Recalibrating Pressure Gauge

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  #1  
Old 05-11-10, 04:42 PM
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Recalibrating Pressure Gauge

I have a beautiful, 60-year-old pressure gauge that I've cleaned up and use as coffee-table novelty. The thing that annoyed me was the needle didn't return quite to zero - so I took it apart.

The only way to calibrate the gauge is to physically bend the bourdon tube a little. So now the gauge reads correctly, at least with zero pressure applied to it. But, by bending the tube, you can calibrate for zero or for span, but not both.

Anyway, this exercise got me interested in the technology of pressure gauges.

I think that over time, pressure gauges tend to read high because the bourdon tube deforms (straightens out) slightly. It's probably a good idea to replace a boiler gauge - maybe every ten years or so?

I'm aware of digital pressure gauges that proclaim 0.25% or even 0.05% (full-scale) accuracy. For example: Pressure Gauges: Digital Pressure Gauges

The biggest problem is that they start at $250. And, they depend on batteries. I'd like to have one - I'd install it in addition to my conventional analog boiler gauge.

The digital gauges can be calibrated for zero and span with two little potentiometers. You can send it back to the factory, and they will recalibrate it to NIST-traceable standards

If I were to get a digital gauge, I'd probably select this one: http://www.omega.com/Manuals/manualpdf/M3359.pdf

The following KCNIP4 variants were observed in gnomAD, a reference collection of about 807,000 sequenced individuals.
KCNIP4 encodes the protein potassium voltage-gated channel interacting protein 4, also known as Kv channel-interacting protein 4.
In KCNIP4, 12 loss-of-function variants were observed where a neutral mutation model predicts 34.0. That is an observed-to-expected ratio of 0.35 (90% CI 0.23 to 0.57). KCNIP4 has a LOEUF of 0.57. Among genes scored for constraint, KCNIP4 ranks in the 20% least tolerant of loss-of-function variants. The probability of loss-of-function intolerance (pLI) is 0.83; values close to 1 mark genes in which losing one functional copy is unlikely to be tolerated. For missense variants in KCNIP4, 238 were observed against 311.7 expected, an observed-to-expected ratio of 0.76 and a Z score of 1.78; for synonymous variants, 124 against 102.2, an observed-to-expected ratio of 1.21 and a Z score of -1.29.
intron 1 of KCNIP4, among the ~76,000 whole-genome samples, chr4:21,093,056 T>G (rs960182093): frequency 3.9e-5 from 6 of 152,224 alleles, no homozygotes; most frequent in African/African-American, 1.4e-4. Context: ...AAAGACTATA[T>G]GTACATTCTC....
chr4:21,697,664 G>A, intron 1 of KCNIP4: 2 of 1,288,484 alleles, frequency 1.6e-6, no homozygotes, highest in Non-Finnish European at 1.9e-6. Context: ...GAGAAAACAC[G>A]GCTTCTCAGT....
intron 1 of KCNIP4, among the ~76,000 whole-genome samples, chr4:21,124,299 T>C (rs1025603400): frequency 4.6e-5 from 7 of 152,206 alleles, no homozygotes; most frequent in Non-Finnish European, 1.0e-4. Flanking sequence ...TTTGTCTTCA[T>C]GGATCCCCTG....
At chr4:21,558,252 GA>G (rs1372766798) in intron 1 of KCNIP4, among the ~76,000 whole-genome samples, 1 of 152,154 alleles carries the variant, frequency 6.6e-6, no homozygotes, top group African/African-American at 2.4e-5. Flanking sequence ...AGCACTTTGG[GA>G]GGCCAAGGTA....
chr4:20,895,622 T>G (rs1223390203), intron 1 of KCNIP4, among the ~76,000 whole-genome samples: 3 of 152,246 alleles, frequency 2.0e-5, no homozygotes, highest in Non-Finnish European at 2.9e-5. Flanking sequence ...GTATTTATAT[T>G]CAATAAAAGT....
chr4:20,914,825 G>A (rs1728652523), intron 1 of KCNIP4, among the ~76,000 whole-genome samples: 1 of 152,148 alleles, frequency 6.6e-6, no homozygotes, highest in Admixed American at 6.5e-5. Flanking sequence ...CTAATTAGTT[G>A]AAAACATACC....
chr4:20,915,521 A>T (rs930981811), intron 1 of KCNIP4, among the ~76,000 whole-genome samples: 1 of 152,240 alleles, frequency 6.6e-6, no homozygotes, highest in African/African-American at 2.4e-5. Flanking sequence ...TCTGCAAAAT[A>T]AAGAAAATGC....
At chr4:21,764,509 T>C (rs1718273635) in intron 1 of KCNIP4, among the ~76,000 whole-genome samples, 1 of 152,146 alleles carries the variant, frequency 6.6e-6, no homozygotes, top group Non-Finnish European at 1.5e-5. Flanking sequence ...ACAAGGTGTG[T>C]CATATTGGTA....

I'd go with the 0-30 psig model for best precision (30 x 0.25% = +/- 0.06 psi), which more than satisfies my requirements! (The overpressure rating is 2x full scale, or 60 psig.)
 
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Old 05-11-10, 08:58 PM
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Pressure gauges are recalibrated by removing the pointer and then pressing it back on to read properly. Ideally you would use a dead weight calibrator and calibrate to the pressure that is most important. There most likely will be linearity errors at the ends of the scale. Some pointers have a rack and pinion for adjustment.
 
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Old 05-12-10, 08:02 AM
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Originally Posted by furd View Post
Pressure gauges are recalibrated by removing the pointer and then pressing it back on to read properly.
OK, thanks!..............
 
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Old 05-13-10, 01:42 PM
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Gauge Calibration

I was a mechanical calibration tech for many,many years. Zero is not a calibration point, thats why a lot of gauges use pins as pointer stops or sometimes the zero is a square on the dial anywhere in the box is OK. To adjust a bourdon tube gauge, you need to change the distance between the fulcrum and the end of the bourdon tube. Higher quality guages have a link that can be made longer and shorter by loosening the set screws and sliding the link in or out. You move it in if it's slow and out if fast. On cheaper guages there is a U shaped link that is bent in or out to adjust. Most are calibrated at least 3 point lower 1/3, middle 1/3 and upper 1/3. Most cal facilities use guages of higher accuracy to check lower accurate gauges. What we used were test guages that were calibrated to + or - 1% of indicated value and they were calibrated by gages that were accurate to .1% and those were calibrated by dead weight tester that was accurate to .001% which was calibrated by a lab that was 2 steps from NBS (National Bureau of Standards) I hope this helps and is not to confusing.
 
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Old 05-13-10, 01:48 PM
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Right on Dunoon

Reminds me of the HVAC tech that thinks turning his AC gage set to 0 is calibration, but only could make it worse.
 
 

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